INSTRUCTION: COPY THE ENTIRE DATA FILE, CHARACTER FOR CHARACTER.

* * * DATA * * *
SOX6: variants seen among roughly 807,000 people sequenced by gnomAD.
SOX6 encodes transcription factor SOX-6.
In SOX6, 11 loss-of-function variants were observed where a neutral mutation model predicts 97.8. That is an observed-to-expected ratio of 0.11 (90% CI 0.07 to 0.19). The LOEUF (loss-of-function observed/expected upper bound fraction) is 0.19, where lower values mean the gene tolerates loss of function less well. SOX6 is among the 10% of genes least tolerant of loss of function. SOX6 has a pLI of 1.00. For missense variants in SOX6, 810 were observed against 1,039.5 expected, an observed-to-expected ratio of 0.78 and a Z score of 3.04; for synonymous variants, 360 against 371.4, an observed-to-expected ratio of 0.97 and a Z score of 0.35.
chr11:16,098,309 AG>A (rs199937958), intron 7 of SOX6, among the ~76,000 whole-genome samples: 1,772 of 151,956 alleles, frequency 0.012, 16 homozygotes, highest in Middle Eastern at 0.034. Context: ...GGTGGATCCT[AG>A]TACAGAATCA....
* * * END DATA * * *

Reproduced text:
SOX6: variants seen among roughly 807,000 people sequenced by gnomAD.
SOX6 encodes transcription factor SOX-6.
In SOX6, 11 loss-of-function variants were observed where a neutral mutation model predicts 97.8. That is an observed-to-expected ratio of 0.11 (90% CI 0.07 to 0.19). The LOEUF (loss-of-function observed/expected upper bound fraction) is 0.19, where lower values mean the gene tolerates loss of function less well. SOX6 is among the 10% of genes least tolerant of loss of function. SOX6 has a pLI of 1.00. For missense variants in SOX6, 810 were observed against 1,039.5 expected, an observed-to-expected ratio of 0.78 and a Z score of 3.04; for synonymous variants, 360 against 371.4, an observed-to-expected ratio of 0.97 and a Z score of 0.35.
chr11:16,098,309 AG>A (rs199937958), intron 7 of SOX6, among the ~76,000 whole-genome samples: 1,772 of 151,956 alleles, frequency 0.012, 16 homozygotes, highest in Middle Eastern at 0.034. Context: ...GGTGGATCCT[AG>A]TACAGAATCA....